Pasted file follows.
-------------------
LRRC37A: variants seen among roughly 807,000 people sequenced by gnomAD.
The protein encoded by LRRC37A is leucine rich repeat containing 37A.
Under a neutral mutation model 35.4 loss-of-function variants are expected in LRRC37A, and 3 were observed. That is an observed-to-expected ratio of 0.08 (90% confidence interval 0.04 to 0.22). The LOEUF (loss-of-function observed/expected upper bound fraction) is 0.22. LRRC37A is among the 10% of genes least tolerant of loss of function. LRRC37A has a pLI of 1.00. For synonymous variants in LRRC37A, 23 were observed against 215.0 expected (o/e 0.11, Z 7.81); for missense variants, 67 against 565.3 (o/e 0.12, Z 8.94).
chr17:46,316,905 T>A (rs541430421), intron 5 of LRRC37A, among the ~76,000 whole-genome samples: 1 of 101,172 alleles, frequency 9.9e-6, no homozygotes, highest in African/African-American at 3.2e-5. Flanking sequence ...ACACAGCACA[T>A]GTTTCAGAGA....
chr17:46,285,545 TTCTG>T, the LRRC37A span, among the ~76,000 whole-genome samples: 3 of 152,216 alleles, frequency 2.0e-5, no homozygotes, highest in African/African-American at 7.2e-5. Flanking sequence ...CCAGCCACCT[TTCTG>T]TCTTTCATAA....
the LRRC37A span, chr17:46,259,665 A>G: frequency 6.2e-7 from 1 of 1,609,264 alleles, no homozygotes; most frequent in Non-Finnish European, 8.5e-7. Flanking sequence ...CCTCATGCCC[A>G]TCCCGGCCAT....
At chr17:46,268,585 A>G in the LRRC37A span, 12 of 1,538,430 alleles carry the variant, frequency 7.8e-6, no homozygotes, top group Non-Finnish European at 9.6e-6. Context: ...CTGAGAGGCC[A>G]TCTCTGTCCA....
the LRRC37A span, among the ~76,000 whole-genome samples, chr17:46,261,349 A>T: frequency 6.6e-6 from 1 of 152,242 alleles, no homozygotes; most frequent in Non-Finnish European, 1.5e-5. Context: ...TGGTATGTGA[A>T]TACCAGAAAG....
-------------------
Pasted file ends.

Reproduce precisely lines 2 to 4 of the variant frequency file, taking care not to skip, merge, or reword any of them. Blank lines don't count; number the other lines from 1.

The protein encoded by LRRC37A is leucine rich repeat containing 37A.
Under a neutral mutation model 35.4 loss-of-function variants are expected in LRRC37A, and 3 were observed. That is an observed-to-expected ratio of 0.08 (90% confidence interval 0.04 to 0.22). The LOEUF (loss-of-function observed/expected upper bound fraction) is 0.22. LRRC37A is among the 10% of genes least tolerant of loss of function. LRRC37A has a pLI of 1.00. For synonymous variants in LRRC37A, 23 were observed against 215.0 expected (o/e 0.11, Z 7.81); for missense variants, 67 against 565.3 (o/e 0.12, Z 8.94).
chr17:46,316,905 T>A (rs541430421), intron 5 of LRRC37A, among the ~76,000 whole-genome samples: 1 of 101,172 alleles, frequency 9.9e-6, no homozygotes, highest in African/African-American at 3.2e-5. Flanking sequence ...ACACAGCACA[T>A]GTTTCAGAGA....